4 New England Museums that Make Science Fun

Boston’s outstanding Museum of Science is among the best in the country, and generations of New England children have marveled at its exhibits. But the region also has a number of smaller, closer-to-home museums that can give your kids just as full a day’s immersion in science and technology. Here are four we’ve had trouble tearing our kids away from at closing time.

Children’s Museum of New Hampshire, Dover

In downtown Dover, the Children’s Museum takes full advantage of the Cocheco River that flows just below it, exploring both its natural and industrial history in a multifaceted Cochecosystem exhibit. Kids can try their hand at using a loom as they discover how the falls once powered fabric mills along its banks, and they can see the river from a bug’s or a beaver’s perspective and learn how Native Americans fished for alewives. They can step aboard a Piscataqua River gundalow to help load and unload cargo or “navigate” the boat down the river.

7789 New Hampsjire Children's Museum, Dover N.H.

© Stillman Rogers

The interactive “Music Matrix” helps them make their own tunes and “Sound Watch” lets them see what different sound waves look like. They can challenge siblings or parents to play Mindball, a biofeedback game based on EEG technology that monitors brainwaves. But the all-time favorite for our kids is “Build It, Fly It.” Here they discover some truths about aerodynamics as they build their own flying machines from different shapes of interlocking foam. If it doesn’t make it on a test flight, the exhibit helps them redesign it until it flies.

Maine Discovery Museum, Bangor

The interactive exhibits in this downtown Bangor center explore not only the worlds of science, nature and anatomy, but of art, music and even literature. “Mission Discovery” explores gravity, acceleration and space through hands-on experiences; “Body Journey” explores how the human body works; and, in “Dino Dig,” kids dig up and identify fossils and learn about dinosaurs.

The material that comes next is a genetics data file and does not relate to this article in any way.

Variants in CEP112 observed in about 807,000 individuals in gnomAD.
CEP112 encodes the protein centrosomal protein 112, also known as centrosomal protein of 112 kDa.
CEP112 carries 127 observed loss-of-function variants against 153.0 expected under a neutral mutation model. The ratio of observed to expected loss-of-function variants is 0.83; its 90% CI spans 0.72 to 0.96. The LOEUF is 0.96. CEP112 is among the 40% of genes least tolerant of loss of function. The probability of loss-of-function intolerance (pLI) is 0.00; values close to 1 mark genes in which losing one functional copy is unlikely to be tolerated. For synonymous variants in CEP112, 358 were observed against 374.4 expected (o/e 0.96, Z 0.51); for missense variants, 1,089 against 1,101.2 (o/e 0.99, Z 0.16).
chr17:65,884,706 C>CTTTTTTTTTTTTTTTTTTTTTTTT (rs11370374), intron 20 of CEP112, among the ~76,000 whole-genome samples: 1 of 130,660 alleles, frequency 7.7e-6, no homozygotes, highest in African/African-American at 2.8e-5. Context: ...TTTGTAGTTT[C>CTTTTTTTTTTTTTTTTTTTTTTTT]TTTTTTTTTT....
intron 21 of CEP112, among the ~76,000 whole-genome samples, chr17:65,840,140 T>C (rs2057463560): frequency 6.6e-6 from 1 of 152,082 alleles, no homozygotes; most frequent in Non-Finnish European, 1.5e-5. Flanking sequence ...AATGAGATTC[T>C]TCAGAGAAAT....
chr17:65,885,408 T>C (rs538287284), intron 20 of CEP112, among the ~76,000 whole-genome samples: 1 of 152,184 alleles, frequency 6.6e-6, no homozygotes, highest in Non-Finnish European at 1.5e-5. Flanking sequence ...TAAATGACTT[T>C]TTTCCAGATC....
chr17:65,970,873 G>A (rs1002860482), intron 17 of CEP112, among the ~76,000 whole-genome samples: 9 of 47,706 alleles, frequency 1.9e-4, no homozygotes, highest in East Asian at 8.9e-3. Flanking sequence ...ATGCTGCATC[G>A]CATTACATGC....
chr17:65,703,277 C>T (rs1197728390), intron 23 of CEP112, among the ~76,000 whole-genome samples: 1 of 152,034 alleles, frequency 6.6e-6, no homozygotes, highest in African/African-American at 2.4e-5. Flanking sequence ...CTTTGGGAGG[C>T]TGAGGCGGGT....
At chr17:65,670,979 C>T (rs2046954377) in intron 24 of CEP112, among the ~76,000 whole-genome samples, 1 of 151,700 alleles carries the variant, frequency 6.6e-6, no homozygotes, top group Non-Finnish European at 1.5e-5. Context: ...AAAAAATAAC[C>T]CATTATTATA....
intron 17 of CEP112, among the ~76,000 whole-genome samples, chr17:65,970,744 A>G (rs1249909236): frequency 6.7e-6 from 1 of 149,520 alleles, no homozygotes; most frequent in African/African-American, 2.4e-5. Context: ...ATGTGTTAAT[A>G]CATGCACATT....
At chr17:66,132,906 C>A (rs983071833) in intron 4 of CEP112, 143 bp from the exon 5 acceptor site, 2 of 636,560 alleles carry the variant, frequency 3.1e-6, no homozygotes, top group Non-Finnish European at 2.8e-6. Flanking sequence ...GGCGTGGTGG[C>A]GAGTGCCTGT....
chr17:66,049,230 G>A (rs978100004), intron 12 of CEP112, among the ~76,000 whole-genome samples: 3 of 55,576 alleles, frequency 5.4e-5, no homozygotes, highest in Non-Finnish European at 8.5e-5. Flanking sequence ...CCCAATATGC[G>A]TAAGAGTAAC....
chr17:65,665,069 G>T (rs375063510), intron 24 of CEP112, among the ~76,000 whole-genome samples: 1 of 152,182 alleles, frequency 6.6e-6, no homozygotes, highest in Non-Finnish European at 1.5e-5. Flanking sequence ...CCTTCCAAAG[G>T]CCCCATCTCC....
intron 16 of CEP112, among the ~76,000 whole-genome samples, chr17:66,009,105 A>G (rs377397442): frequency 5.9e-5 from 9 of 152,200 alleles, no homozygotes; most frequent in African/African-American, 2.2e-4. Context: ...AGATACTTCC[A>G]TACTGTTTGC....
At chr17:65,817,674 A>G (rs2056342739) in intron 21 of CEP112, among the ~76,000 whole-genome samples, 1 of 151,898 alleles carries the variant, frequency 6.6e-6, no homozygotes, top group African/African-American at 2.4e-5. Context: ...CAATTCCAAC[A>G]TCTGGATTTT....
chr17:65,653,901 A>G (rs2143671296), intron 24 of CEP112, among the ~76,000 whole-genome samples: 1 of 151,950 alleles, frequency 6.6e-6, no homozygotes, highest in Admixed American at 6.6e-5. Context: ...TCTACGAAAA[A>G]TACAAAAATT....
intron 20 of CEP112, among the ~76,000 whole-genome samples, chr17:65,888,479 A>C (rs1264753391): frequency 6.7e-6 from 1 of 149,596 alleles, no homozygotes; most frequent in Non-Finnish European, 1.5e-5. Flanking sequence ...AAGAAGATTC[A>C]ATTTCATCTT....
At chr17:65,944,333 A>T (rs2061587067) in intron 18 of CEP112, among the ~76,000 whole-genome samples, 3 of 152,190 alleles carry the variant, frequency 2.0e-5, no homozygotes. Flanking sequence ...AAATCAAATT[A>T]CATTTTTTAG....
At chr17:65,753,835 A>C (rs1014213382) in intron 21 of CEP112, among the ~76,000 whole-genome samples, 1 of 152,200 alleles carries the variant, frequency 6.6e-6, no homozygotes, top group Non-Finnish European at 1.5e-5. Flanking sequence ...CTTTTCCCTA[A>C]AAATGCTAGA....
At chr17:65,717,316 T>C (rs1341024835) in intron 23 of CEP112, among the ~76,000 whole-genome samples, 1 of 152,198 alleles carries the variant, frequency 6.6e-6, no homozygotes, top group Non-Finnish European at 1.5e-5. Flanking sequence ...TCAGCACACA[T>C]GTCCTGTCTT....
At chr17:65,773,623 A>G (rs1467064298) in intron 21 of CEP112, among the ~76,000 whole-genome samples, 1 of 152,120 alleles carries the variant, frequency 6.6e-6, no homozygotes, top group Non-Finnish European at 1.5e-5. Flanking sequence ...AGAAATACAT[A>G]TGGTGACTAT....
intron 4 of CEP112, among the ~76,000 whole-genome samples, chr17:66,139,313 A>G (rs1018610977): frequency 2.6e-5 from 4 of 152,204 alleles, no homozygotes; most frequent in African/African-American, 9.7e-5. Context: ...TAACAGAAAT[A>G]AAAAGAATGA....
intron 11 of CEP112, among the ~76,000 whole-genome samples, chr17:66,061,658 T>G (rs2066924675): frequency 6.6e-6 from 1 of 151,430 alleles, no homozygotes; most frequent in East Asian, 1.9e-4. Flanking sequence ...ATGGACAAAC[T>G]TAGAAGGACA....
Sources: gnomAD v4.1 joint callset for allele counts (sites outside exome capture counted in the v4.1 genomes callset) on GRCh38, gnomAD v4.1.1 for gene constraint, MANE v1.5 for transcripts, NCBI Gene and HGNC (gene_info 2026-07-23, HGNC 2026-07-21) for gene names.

Nano introduces nanoscale science and the “Karaoke Studio” explores sound as kids perform or compose their own tunes. “Nature Trails” guide kids through Maine’s many ecosystems to discover its wildlife. “Artscape” gives kids the inspiration and tools to build, draw and create their own masterpieces.

Montshire Museum of Science, Norwich, Vt.

3357 Montshire Museum, Norwich, Vermont

© Stillman Rogers

Everything in the beautiful riverside science complex is meant to be examined, used and touched, from the air-powered labyrinth to the lab for creating their own optical illusion toys. The museum’s 125 exhibits challenge kids to make soap bubbles bigger than themselves and to understand what makes motion pictures move by making their own. Cog boards reveal the secrets of how machinery operates and “The Light Around Us” explores the color, reflections and physics of light as kids bend light rays, change the colors of familiar objects and separate white light into colors.

In the “Discovering the Natural World” exhibit, kids find details they never noticed as they examine insects, bones, plants and feathers through a microscope, assemble animal skeletons, solve botanical mysteries and use their powers of observation to complete an animal scavenger hunt. The purpose-built building is part of the exhibit, with exposed construction supports and color-coded ventilation ducts. Nature trails explore the 110 acres of grounds alongside the Connecticut River just opposite Hanover, N.H.

ECHO Lake Aquarium and Science Center, Burlington, Vt.

In downtown Burlington on the shore of Lake Champlain, the center helps kids — and adults — examine the lake’s natural and human history through interactive and live exhibits. The live exhibits reach far beyond Lake Champlain, including one on frogs that features examples from six continents (one of them is the world’s most poisonous, safely behind glass).

3375 live turtles at the Montshire Museum, Norwich, Vermont

© Stillman Rogers

In “Before the Basin,” kids travel back in time to uncover the geology of the lake’s formation and try their hand at eroding rocks or building a mountain, and they can explore a life-sized recreation of a shipwreck, a vessel that sank right here in 1876. In the aquarium they will see all varieties of lake fish, plus urchins, turtles, newts and mudpuppies. A specially designed theater presents 2- and 3-D National Geographic films daily, and “Champ Lane” engages children under age 6 in science, using all five senses and science tools for the first time.